The emotional intelligence of Don Draper

The emotional intelligence of Don Draper

The fifth series of Mad Men is now being shown. I must confess that in the past six months I have become a Mad Men addict. I had actually missed seeing the first four series as they were televised but on an international plane trip I watched several past episodes and became hooked.  I set myself the goal of watching all the episodes, hired out the DVDs and I am nearly at the end of series four.

While the series goes through the standard life-cycle themes of hatching, matching and dispatching, it is one of the few TV series that deals with business. While crime, hospitals, courts, politics, history and westerns have all had multiple TV series, there have been very few that deal with the corporate world.  Indeed on The Office is the only one that comes to mind and that is a parody.

On the other hand, in Mad Men much of what happens in business is actually portrayed.  Acquisitions, start-ups, recruitment and terminations all occur.

However, if there is one part of the series that really resonates with me it is the pitching to prospective clients. I worked in venture capital for 25 years and probably averaged hearing two pitches per week – or about 2,500.

However, we also had pitch for money ourselves. I was involved in raising money for five venture capital funds and probably made more than 300 presentations. I once heard that it takes the average entrepreneur 70 pitches to raise money in Silicon Valley. (Trust me: the one-stop presentation that Mark Zuckerberg gives to Peter Theil in The Social Network happens very infrequently.)

I remember when I first heard this, I said to myself is that all? Pitching is a major part of business and in Mad Men, Don Draper is the pitcher par excellence. He has realised that one of the great keys to success in emotional intelligence is sell to the heart and not the head. As one of his acolytes, Peggy Olsen, noted Don makes an emotional pitch then buttresses it with emotional stories that echo the message.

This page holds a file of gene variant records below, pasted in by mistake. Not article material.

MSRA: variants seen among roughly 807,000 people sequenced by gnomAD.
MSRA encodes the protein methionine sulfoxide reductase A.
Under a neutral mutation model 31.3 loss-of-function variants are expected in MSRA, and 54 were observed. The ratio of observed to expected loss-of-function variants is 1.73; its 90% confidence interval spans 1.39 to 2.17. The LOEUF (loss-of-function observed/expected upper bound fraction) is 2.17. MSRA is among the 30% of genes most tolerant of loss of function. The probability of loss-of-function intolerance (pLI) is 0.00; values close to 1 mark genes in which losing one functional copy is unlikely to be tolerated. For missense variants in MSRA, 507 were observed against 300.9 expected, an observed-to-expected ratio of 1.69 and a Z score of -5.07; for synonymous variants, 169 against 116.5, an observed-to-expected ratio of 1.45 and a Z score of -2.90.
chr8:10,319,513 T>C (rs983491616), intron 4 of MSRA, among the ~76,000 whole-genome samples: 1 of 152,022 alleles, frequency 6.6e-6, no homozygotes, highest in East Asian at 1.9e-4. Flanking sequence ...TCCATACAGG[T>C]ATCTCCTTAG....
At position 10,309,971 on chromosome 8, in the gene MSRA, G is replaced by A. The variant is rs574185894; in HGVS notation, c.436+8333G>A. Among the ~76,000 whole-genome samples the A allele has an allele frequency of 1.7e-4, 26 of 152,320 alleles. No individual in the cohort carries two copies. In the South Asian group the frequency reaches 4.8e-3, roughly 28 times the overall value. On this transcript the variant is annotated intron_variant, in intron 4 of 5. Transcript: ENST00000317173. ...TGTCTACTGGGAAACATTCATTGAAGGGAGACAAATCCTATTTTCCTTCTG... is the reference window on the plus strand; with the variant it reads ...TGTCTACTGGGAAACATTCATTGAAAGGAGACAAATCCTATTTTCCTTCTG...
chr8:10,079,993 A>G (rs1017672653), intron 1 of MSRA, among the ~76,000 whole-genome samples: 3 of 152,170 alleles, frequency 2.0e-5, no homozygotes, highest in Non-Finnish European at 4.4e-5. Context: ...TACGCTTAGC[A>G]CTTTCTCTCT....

The character of Don Draper has been the subject of much debate on the internet. One of the great moments is when a secretary throws a Christmas decoration at Don, smashing a picture, and shouting: “You are not a very nice person!” and then running crying from the room. Don is not a nice person; indeed he is one of the great corporate psychopaths. He cheats on his wife and his girlfriends, is economical with the truth, yet is charming in his approach.

The part that I find difficult to reconcile in the character of Don Draper is his supposed creative genius. There are creative types in the series but they are more of what you expect: individualists who come up with imaginative ideas and who beat to a different drum in things such as dress, etc.

Don Draper is much more of a suit (like the account managers). They also feature heavily in the series and of course it is the conflicts between the suits and the creatives which generate much of the dramatic tension in the series.

Mad Men has been described as the best thing currently being shown on television and I have to concur. It should be mandatory viewing for all actual and prospective corporate managers.


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